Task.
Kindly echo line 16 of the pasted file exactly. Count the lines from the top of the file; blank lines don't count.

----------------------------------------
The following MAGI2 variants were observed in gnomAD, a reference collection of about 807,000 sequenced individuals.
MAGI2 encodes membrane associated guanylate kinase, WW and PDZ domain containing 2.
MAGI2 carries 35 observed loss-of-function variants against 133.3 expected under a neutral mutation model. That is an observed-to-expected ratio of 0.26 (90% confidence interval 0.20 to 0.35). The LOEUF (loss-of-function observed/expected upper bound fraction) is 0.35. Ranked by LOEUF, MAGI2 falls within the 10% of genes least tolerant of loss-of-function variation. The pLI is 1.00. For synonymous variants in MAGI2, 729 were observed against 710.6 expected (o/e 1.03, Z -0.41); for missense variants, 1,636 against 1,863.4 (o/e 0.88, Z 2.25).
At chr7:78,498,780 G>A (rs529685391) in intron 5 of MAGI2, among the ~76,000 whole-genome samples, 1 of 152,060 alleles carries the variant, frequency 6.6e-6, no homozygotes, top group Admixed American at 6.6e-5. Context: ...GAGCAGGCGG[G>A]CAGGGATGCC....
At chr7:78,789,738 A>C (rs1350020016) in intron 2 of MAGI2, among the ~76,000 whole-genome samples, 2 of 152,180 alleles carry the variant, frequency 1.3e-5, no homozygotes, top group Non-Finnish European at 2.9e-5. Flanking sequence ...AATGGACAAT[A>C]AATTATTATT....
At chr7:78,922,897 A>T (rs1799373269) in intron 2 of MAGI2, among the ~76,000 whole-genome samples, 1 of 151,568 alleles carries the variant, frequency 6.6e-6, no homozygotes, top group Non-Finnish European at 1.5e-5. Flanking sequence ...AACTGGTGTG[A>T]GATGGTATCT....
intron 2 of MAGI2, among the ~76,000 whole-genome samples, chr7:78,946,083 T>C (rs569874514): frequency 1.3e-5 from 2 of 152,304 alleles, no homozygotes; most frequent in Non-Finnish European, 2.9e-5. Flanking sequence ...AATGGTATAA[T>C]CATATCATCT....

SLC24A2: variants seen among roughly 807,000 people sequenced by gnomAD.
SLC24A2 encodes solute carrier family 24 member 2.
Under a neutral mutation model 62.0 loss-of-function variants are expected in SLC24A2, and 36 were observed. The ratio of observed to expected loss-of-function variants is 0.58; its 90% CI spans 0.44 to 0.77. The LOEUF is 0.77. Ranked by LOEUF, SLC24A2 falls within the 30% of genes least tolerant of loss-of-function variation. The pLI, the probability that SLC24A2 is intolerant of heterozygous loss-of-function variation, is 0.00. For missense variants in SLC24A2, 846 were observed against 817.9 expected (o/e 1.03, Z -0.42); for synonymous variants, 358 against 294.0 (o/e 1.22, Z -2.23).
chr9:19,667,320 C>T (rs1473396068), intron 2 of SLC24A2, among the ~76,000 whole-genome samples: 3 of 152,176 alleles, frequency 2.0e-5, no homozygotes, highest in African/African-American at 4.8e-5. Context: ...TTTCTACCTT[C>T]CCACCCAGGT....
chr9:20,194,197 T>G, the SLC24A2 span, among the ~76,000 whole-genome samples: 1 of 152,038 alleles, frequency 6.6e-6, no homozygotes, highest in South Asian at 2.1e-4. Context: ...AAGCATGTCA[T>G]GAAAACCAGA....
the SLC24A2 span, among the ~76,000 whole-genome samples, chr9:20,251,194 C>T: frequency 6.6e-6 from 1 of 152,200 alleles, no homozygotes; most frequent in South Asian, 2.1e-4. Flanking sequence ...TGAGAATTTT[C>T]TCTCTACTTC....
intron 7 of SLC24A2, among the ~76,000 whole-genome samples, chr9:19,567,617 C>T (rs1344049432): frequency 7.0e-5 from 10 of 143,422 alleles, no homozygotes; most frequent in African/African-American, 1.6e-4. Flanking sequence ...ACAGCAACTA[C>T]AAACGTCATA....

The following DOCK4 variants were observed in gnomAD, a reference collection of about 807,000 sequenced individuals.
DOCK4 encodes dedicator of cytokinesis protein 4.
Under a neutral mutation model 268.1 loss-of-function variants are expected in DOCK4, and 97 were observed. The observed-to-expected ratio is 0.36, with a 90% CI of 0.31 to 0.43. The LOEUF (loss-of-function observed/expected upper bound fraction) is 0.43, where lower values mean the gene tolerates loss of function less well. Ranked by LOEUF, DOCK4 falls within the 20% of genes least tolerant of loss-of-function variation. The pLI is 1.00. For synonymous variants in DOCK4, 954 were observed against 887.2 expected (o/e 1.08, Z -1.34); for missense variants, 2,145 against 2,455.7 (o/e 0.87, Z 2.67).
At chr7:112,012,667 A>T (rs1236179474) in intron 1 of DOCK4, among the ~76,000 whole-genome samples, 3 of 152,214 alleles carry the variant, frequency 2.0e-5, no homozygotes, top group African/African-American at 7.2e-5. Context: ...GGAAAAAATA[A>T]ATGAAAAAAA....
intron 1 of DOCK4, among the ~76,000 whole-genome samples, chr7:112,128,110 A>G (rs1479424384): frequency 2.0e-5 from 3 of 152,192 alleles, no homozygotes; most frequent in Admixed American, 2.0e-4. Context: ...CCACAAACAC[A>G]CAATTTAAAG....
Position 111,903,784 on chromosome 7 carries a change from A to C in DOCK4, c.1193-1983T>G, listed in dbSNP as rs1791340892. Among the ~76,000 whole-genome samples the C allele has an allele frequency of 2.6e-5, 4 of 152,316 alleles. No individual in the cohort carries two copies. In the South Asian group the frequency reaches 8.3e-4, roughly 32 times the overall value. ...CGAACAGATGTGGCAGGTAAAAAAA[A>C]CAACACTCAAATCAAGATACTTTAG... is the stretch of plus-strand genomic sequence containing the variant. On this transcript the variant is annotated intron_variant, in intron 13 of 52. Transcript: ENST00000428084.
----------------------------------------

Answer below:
DOCK4 encodes dedicator of cytokinesis protein 4.